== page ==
It could be do-or-die time for the Westport Cinema Initiative.

If people want a movie theater built downtown, it’s going to take money to make that happen, with about $60,000 needed right now if the project is to proceed, said Sandy Lefkowitz, executive director of the WCI, a group working toward that goal for several years.

“It won’t happen just because they want it,” Lefkowitz said this week about people who have expressed interest in the group’s plan to build a not-for-profit theater on a parcel of land at 142 Main St., located down an alleyway next to Tavern on Main restaurant.

And to succeed, the project needs help from substantial financial donors, she said. But who are they? That could be decided by a fundraising organization that WCI leaders would like to hire at a cost of $60,000, Lefkowitz said.

She said that group would identify those in the community who could make significant donations to help fund the project. “We are really reaching out to the community,” she added.

The goal toward raising that amount was “yesterday,” she said, adding WCI is about half way there. The group already has the $15,000 needed to conduct a feasibility study for the project, she added.

This is a crucial moment in the four-year history of the WCI, a “volunteer-driven organization,” wrote Alex W. White, a member of the group’s Board of Directors, in a recent letter to the Westport News.

Today, he noted, the group is a recognized not-for-profit organization and “an integral part of Westport’s robust arts heritage and, importantly, the town’s Downtown Master Plan.”

He said it’s time to build the theater, but to do that, as Lefkowitz noted, the WCI needs the community’s support and needs to raise that $60,000 “in very short order,” otherwise “the project will come to a stop and the theater will almost certainly not come about.”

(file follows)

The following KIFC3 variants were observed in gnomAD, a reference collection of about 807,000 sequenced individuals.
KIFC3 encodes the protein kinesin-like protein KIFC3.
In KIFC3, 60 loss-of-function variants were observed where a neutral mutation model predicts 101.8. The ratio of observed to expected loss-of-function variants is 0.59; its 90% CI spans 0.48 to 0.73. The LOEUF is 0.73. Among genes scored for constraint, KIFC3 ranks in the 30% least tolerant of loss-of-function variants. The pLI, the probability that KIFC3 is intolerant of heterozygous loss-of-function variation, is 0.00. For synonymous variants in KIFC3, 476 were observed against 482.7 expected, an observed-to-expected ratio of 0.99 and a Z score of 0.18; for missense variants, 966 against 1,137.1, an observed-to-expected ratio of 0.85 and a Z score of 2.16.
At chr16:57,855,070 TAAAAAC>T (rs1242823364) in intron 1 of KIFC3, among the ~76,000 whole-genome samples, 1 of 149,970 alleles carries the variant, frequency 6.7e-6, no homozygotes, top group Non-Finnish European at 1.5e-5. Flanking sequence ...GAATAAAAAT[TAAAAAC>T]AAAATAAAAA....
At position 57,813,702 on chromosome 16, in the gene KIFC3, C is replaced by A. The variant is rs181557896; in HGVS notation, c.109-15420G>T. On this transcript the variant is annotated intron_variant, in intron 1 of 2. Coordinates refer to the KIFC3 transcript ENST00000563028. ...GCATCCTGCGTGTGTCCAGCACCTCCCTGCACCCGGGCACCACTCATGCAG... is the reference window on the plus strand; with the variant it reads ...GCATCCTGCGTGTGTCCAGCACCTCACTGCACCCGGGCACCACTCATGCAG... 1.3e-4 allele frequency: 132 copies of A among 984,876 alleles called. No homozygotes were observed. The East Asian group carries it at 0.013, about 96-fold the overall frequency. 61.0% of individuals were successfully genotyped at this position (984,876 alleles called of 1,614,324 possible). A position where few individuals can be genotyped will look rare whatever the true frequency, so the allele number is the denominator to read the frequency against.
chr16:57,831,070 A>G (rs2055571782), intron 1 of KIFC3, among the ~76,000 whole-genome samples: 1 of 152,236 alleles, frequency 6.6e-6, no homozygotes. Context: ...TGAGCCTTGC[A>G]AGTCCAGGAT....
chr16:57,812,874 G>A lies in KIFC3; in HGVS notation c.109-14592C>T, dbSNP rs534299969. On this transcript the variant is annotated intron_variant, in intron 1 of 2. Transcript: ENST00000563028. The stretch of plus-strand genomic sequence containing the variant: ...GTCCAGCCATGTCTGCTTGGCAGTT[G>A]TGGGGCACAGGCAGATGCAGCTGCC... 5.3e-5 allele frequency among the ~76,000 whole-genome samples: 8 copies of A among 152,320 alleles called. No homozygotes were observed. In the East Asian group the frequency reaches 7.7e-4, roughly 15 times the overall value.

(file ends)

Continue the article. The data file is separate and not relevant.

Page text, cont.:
Lefkowitz said White wrote the letter out of frustration.

Ultimately, if the project is to move forward, the WCI will have to raise about $4.5 million for building costs and one-year of operational expenses.

At a Downtown Steering Committee forum last August, Lefkowitz said the cinema initiative has a lease agreement with the owner of property at 142 Main St., now a dirt parking lot behind Tavern on Main.

This week, she said the group still has an agreement for the property owned by the Teuscher Family Trust, which is currently used for private parking. Lefkowitz said there is no deadline for the theater to be built there.

The group’s concept calls for three theaters inside the building, including two with stadium-style seating, one with 125 seats the other with 75, the group told the steering committee. A third smaller theater on a second floor could seat 50, Rich Hoag, the plan’s architect, said at last year’s meeting. An arcade would run from Main Street to, and through, the theater, he added.

This week, Lefkowitz declined to say how large the building would be, but noted it would be “no higher than other buildings” in that area.

Currently, the Westport Cinema Initiative sponsors periodic film screenings, which means it has rent space and equipment, Lefkowitz said, adding the space the group has used at Town Hall does have equipment that can be used. Nonetheless, various rental fees add up, she said.

As for what kinds of movies would be shown at the planned theater, Lefkowitz ruled out films like “Avatar” and said the focus would gravitate more to those like “Amy,” a recent documentary about the turbulent life of the late singer Amy Winehouse, that are not usually shown in large, first-run theaters. “It’s still mainstream, but independent,” she noted.

Besides raising money, the project also needs town board approvals, including from the Planning and Zoning Commission. It was estimated it would take 12 to 18 months for construction to be completed once all plans are approved.

For more information about the Westport Cinema Initiative, go to the group’s website, www.westportcinema.org.